The Georgia Strait Alliance is hosting an international town hall meeting taking place simultaneously on both sides of the strait next week. Wednesday, August 21 at noon, be on the beach at Arbutus Cove in the suburban Saanich neighbourhood of Victoria BC -- or over on the American side if that's closer to home. The agenda is a public discussion of the proposed route for oil tankers to carry oil from the proposed expansion of the Kinder Morgan pipeline.
The issue of oil tankers in our home waters is an important one for kayakers and other small boat users -- get information to make yourself informed.
I'll correct the GSA note below with the information that Arbutus Cove is accessed by Arbutus Cove Lane off Gordon Head Road or by a footpath off Arbutus Road near its intersection with Gordon Head Road. There is a small sign at the top of the steep footpath and stairs. The closest BC Transit bus route is #12 and both the #27 and the #11 get you a few blocks from the beach access. Wear shoes you can walk in, and bring a jacket even if the day is warm, as Arbutus Cove can be cool even on a hot day. The nearest public restroom and drinking water would be at the University of Victoria or at Cadboro Bay Road and Sinclair Road.
From the GSA website http://wildernesscommittee.org/latest, we quote:
Cross-border Town Hall Meeting: Could the Salish Sea Become a Climate Change Highway?
August 21, 12 noon, Greater Victoria
Arbutus Cove Park, Arbutus Cove Lane, Saanich (off Gordon Head Road on the 12, 13, + 27 BC Transit routes)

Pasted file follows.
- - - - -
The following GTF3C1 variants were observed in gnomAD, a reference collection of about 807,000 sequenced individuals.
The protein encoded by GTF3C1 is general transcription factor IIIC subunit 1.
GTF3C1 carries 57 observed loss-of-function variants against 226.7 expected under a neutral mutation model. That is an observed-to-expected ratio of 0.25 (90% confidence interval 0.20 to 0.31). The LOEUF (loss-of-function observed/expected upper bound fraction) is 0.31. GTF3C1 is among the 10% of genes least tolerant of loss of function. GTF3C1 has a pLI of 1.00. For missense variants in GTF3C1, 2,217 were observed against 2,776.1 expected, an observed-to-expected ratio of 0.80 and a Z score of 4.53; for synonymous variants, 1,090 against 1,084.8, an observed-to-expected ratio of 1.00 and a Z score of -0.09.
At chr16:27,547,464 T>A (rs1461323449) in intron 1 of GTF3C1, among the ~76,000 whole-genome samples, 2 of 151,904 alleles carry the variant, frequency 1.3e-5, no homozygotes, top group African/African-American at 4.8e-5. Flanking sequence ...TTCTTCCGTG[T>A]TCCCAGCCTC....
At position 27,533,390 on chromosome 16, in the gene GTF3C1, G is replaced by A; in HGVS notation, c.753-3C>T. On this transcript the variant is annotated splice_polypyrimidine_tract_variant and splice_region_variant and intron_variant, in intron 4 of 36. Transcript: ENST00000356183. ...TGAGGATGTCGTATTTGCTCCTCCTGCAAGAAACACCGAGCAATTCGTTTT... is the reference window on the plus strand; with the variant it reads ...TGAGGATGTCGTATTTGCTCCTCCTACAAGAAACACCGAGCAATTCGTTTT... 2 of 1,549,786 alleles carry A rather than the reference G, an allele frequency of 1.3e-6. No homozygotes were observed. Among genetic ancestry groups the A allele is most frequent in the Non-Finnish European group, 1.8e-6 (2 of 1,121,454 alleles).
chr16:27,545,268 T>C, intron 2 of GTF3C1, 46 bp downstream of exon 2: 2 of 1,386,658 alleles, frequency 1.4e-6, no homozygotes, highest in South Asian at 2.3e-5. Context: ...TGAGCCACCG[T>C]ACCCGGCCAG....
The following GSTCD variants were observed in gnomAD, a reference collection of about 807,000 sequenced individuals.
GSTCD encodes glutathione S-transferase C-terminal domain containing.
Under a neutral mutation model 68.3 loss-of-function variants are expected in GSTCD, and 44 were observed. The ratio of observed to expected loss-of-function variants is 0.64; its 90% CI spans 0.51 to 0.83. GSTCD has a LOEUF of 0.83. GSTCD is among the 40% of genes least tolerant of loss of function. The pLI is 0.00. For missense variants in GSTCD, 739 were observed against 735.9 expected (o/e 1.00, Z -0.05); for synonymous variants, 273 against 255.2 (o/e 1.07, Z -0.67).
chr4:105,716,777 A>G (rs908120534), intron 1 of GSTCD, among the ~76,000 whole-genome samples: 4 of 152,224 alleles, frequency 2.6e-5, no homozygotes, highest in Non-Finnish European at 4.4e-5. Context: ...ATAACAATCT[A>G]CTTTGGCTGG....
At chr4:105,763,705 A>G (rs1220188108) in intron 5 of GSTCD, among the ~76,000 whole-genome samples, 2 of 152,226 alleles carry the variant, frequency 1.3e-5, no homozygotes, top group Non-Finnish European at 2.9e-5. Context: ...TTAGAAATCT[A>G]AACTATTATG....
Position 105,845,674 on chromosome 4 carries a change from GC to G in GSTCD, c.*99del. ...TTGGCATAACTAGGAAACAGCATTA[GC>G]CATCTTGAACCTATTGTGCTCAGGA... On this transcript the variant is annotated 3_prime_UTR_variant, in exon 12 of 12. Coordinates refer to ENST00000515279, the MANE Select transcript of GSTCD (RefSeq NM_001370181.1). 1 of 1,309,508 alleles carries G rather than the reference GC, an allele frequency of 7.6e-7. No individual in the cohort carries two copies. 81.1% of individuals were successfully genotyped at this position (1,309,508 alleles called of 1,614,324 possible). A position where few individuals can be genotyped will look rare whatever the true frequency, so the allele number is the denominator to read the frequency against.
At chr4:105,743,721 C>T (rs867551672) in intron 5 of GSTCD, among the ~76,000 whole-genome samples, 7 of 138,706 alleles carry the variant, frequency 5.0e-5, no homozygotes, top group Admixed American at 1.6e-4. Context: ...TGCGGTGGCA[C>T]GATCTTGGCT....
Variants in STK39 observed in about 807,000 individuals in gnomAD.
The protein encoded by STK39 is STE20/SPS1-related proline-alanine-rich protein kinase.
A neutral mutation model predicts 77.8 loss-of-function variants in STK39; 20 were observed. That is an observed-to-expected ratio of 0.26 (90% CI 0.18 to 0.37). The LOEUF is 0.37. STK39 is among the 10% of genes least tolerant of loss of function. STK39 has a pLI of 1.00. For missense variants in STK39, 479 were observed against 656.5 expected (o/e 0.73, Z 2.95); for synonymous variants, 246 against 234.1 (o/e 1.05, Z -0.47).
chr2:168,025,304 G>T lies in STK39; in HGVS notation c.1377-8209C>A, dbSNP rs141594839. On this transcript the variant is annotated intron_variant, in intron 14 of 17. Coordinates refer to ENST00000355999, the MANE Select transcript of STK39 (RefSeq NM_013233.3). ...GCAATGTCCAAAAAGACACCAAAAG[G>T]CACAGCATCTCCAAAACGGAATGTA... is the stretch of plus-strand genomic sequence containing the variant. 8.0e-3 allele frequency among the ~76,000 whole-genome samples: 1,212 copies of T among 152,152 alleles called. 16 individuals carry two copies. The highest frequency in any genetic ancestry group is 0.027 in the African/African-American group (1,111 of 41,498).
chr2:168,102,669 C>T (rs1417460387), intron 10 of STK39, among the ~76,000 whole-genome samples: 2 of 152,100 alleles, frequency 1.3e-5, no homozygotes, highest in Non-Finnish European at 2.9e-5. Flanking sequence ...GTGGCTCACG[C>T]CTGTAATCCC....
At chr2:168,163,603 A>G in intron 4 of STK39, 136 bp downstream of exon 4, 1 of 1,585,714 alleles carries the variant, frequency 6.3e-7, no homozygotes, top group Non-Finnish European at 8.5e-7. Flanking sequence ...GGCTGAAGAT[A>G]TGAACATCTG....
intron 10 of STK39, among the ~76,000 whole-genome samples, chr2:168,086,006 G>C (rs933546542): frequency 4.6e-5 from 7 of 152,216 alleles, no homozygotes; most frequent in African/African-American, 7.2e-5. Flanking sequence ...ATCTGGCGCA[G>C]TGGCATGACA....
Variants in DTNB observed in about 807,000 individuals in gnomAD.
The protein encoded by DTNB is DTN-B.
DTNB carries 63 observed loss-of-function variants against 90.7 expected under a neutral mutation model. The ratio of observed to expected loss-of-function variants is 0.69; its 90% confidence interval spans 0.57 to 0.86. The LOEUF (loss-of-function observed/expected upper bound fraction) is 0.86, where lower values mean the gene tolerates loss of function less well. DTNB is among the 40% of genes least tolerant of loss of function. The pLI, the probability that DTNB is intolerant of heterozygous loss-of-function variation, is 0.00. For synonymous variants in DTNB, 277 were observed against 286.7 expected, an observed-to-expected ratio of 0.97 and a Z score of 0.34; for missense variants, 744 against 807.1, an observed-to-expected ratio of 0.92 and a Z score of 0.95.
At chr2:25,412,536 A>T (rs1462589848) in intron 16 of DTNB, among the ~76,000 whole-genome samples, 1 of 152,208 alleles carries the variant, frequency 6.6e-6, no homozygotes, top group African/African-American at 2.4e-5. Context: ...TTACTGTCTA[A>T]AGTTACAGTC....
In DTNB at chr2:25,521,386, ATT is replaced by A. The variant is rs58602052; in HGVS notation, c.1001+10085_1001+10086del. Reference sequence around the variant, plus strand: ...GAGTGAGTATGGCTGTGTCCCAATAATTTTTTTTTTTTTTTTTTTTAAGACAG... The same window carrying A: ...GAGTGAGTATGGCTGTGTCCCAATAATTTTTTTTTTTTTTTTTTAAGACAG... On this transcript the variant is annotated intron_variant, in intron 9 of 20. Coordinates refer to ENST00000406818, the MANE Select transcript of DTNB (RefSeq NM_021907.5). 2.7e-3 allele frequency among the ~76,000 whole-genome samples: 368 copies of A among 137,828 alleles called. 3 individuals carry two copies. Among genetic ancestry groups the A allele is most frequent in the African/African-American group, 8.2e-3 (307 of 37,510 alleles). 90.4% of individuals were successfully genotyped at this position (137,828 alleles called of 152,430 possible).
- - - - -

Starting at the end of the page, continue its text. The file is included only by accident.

Join us for an international town hall meeting, taking place simultaneously on either side of the Kinder Morgan tar sands tanker route through the Salish Sea near Victoria, BC and on San Juan Island, WA.
Kinder Morgan’s plan to build a new tar sands pipeline to the coast and proposals to increase coal shipments from ports on the Lower Mainland and the US could turn the Salish Sea into a major corridor for fossil fuel exports. A massive increase in tanker and coal ship traffic would drastically raise the threat of a catastrophic oil spill that would devastate the marine environment, coastal communities, and the regional economy. The ocean, the marine life it supports, and our shared atmosphere that are all threatened by these proposals don’t recognize the Canada-US border. In our opposition to these shortsighted, climate-changing projects and our advocacy for a better, cleaner future, we must also treat the Salish Sea as a single region, and that means organizing across jurisdictional boundaries.
Join us on August 21 to learn more about fossil fuel export proposals that will affect the Salish Sea, what’s happening on both sides of the border to protect this region, and how you can get involved.
Presented by Wilderness Committee, Georgia Strait Alliance and (in the US) Friends of the San Juans.
Contact for more info: email@example.com / 250-516-9900